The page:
JOBLESS: Everyone’s been talking about the interactive map published by The New York Times on unemployment rates in the U.S. This instructive piece of info is useful for finding the areas of the country most affected by downturns in manufacturing and housing bubbles. Unfortunately the map is also accompanied by one of those class- and gender-dumb articles that asserts men and rich people are “more affected” by the economic crisis than everyone else, which is important because they’re more important. SEE ALSO: If you’re as lost as I am on the causes of the economic crisis, check out this collection of simple guides on how our economy went into the shitter.
NEIGHBORS OF JUAREZ: Violence along the U.S.-Mexico border is spreading and requires solutions other than superficial chest-beating, passive-agressive walls and empty sentiments about protecting “our” “borders”. We *must* protect Central American borders and people as well, and the poison that crosses from our state to theirs. (H/T)
WHAT IF HE DID IT?: Considering that the percentage of false rape reports is in the single digits, and similar to the incidence of false reporting with other crimes, why do people turn out in droves to defend public figures who have been accused of rape? It’s like rape is a special kind of crime that everyone hears about but no one actually commits. Maybe women just rape themselves.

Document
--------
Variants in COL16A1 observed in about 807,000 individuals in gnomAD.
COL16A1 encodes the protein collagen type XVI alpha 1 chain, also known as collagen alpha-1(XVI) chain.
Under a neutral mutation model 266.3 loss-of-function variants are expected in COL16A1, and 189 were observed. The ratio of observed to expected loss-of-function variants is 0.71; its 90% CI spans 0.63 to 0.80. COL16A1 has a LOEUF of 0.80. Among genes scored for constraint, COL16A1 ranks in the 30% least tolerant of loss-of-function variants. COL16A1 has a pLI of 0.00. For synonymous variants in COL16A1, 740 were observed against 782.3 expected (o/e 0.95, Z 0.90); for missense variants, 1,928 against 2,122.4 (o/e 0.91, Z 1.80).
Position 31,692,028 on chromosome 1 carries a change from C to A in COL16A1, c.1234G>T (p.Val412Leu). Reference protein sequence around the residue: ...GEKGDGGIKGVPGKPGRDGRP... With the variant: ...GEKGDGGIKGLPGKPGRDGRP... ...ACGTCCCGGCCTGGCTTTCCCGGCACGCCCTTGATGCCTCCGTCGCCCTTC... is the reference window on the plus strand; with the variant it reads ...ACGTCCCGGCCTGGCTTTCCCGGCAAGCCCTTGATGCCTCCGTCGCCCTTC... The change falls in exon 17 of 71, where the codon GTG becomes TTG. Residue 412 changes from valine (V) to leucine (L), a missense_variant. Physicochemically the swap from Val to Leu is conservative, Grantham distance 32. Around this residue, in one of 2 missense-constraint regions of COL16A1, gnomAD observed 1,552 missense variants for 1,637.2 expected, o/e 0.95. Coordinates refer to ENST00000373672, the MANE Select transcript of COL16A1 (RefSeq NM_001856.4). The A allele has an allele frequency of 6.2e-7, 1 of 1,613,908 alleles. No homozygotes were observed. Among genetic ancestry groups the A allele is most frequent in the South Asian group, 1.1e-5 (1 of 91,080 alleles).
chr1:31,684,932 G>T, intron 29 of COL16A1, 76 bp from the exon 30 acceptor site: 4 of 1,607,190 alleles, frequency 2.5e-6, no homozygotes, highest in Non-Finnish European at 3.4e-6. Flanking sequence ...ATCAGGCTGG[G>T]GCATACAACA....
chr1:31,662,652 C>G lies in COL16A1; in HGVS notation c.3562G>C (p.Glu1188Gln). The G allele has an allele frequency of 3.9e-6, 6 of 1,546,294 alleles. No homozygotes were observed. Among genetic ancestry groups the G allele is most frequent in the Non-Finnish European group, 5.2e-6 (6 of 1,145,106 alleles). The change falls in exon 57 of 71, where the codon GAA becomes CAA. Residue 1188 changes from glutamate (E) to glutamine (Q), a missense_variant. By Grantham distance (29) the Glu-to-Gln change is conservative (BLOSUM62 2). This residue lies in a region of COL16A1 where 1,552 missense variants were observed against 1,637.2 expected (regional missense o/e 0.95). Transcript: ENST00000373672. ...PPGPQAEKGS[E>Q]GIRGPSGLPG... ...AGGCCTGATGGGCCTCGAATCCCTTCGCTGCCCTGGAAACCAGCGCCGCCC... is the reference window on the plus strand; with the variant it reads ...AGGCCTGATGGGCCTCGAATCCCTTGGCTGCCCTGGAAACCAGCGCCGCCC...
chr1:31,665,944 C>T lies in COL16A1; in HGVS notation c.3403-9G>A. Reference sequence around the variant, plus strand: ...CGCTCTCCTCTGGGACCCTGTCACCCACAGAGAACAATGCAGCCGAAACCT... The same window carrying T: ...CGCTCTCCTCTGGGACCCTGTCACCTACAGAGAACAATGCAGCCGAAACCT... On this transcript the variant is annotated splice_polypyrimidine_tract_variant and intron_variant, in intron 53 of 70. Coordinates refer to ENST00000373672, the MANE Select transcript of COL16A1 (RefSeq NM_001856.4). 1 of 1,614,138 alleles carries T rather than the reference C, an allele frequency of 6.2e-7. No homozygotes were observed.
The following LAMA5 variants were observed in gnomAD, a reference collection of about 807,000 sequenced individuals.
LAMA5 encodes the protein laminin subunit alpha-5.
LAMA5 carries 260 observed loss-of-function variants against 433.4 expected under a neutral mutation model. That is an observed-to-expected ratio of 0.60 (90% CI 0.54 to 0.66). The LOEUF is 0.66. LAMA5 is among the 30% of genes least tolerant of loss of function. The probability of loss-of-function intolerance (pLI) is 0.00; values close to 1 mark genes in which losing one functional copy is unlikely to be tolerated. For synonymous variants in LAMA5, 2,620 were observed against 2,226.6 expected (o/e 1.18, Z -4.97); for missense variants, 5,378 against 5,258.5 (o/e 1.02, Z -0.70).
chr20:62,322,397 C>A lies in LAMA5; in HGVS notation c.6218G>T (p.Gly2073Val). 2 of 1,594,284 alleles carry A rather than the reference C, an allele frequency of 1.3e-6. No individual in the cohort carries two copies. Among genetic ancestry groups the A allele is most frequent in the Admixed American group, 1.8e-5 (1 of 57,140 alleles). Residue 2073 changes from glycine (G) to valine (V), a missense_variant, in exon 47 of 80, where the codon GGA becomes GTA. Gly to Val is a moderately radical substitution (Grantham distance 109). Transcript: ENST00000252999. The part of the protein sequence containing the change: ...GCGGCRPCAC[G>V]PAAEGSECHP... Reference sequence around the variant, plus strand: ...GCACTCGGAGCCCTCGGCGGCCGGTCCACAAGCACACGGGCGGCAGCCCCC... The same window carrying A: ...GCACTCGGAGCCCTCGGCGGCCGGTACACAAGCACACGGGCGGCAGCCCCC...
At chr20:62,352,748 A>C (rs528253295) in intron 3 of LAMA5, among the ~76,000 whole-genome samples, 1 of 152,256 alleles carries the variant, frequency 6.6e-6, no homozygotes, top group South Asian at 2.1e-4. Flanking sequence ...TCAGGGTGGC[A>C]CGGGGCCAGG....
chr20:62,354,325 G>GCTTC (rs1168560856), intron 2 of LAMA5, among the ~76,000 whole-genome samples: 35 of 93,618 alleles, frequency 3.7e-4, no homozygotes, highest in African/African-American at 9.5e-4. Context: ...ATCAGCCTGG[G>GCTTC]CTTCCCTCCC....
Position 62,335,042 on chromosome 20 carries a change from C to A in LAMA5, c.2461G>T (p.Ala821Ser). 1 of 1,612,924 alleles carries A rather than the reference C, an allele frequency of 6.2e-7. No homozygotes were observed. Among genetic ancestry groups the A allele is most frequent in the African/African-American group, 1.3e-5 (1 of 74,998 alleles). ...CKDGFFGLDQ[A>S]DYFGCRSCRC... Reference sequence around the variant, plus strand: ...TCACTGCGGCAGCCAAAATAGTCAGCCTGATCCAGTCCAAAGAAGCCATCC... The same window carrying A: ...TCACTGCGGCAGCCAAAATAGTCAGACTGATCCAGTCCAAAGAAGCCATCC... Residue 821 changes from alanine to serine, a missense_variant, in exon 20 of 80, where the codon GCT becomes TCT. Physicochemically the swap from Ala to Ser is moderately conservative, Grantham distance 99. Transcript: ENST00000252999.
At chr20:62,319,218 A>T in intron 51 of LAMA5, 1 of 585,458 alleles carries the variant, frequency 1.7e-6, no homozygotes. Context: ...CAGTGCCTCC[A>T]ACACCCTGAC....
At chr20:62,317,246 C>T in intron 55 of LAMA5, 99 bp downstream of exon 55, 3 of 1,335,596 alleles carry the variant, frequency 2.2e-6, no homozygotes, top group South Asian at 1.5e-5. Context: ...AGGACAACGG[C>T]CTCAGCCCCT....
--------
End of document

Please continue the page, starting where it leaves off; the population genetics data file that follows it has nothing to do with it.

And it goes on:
SEX SELLS: Sure, but when naked ladies are the primary imagery used to push a product, it’s implicit that “primarily, women [are] sold to (presumably heterosexual) men,” and worse, that as women we have our status as sexual objects of the het male gaze sold back to us again, and again, and again, and again. No wonder people have body-image issues.
LITTLE KING: Lawrence “Larry” King was a biracal, openly gay, feminine-identified youth who was shot to death by his classmate, Brandon McInerney, on February 12, 2008, at E.O. Green Junior High School. Despite a documented escalation of behavior between King and his killer, all authorities turned away as they allowed children to beat their gender atypical peers, encouraged homophobic youth by remaining complacent to their homophobic behaviors, and wrote it off as mere “bullying.”
SEEING IS BELIEVING: The way we visually represent sexually transmitted diseases in sex education is revealing of class-related health care issues and also affects the way we seek treatment for them once we may be infected.
MISSING: Missing from conversation about abortion and ethics on Hardball: Women.
SCREENING: In the U.S., you will almost never hear about the downsides of breast cancer screens, in that “none of the literature [describing mammography] had even mentioned the major harm of screening: overdiagnosis and subsequent unnecessary treatment of healthy women. About a third of the literature even told women that screening leads to less invasive surgery or simpler surgery, when ‘it actually results in 30% more surgery, 20% more mastectomies and more use of radiotherapy.'” Not that I’m suggesting people don’t look out for their health, but more that much of the health care industry as it exists is about marketing to consumers, not patients, and driving up fear about disease.
TRANS 101: In which Helen lets cis people know what’s what.